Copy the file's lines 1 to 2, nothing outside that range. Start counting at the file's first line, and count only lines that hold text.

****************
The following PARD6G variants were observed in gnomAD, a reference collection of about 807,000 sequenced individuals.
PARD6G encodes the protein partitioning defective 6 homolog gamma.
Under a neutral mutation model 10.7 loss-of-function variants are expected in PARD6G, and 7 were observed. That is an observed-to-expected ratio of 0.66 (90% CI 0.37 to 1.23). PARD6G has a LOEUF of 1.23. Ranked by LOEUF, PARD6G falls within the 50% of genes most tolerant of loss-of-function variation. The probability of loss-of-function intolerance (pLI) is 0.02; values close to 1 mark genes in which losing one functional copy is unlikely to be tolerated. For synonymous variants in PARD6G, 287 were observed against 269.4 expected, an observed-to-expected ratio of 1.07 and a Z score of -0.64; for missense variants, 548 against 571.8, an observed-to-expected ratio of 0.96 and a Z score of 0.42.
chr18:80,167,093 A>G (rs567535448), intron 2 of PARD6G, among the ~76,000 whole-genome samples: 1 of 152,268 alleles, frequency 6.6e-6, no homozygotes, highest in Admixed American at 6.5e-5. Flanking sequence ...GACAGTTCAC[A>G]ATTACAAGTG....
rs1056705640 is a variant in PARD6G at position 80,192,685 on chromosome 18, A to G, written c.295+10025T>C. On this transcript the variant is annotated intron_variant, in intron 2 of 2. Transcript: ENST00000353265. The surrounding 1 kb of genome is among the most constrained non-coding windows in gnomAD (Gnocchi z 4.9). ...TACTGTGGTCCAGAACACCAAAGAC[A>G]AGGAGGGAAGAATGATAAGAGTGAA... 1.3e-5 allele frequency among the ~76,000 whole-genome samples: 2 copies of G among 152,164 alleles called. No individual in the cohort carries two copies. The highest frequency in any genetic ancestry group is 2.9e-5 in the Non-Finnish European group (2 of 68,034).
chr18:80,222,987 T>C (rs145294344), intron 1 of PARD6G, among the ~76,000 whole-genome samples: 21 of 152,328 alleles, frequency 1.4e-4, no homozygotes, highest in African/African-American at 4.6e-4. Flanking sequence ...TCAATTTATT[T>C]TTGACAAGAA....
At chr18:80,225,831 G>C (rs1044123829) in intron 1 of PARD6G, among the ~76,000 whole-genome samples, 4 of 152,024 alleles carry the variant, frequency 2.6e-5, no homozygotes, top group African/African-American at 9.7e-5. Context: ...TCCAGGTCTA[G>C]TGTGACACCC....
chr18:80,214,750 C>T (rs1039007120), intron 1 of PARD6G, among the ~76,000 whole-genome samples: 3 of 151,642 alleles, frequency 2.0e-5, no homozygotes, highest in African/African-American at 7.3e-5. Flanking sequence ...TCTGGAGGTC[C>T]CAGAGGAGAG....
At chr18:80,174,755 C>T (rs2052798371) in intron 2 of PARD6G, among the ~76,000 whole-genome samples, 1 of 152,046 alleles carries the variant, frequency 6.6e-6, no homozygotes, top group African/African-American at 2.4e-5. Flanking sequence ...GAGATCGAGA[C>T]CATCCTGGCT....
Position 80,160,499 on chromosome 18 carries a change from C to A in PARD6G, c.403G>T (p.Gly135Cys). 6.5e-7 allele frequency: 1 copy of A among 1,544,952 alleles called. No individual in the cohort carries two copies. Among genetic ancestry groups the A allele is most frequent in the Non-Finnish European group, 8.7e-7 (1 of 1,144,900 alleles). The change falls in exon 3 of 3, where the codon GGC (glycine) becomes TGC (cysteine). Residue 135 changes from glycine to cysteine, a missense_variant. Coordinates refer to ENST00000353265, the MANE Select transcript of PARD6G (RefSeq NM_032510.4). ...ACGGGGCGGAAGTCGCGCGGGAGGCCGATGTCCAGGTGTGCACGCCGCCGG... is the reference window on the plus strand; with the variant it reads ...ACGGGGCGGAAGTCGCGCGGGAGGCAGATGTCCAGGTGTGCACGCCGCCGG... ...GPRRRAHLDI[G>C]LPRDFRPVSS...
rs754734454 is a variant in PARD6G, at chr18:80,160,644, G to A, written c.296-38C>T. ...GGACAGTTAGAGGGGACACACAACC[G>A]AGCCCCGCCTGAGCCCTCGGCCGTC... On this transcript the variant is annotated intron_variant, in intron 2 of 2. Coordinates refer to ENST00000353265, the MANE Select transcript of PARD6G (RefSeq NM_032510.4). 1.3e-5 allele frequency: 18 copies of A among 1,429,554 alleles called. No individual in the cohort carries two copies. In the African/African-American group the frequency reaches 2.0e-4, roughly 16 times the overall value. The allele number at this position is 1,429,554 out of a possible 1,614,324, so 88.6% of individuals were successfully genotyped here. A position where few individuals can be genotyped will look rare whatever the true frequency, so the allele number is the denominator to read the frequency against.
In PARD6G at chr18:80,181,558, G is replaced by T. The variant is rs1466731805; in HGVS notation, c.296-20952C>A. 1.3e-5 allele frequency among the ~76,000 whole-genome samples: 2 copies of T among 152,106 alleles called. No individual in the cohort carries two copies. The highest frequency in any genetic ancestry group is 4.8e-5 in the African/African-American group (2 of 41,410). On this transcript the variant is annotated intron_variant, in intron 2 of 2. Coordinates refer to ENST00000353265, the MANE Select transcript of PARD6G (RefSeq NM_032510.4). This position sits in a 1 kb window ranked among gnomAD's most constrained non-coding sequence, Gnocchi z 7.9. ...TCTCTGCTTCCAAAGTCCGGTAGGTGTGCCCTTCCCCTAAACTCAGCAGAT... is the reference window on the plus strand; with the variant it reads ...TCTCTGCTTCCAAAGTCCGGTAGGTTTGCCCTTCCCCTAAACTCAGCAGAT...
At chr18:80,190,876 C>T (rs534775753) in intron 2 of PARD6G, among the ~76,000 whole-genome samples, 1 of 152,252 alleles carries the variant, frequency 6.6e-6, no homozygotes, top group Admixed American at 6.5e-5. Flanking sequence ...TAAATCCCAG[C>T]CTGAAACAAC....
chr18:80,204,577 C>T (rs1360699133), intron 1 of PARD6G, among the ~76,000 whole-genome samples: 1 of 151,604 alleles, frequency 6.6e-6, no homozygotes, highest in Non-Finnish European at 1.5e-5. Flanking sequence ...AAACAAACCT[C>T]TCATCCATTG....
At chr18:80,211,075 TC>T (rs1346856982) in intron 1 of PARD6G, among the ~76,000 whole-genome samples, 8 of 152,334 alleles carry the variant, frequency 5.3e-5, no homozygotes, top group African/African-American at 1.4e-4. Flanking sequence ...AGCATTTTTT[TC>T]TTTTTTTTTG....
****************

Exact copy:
The following PARD6G variants were observed in gnomAD, a reference collection of about 807,000 sequenced individuals.
PARD6G encodes the protein partitioning defective 6 homolog gamma.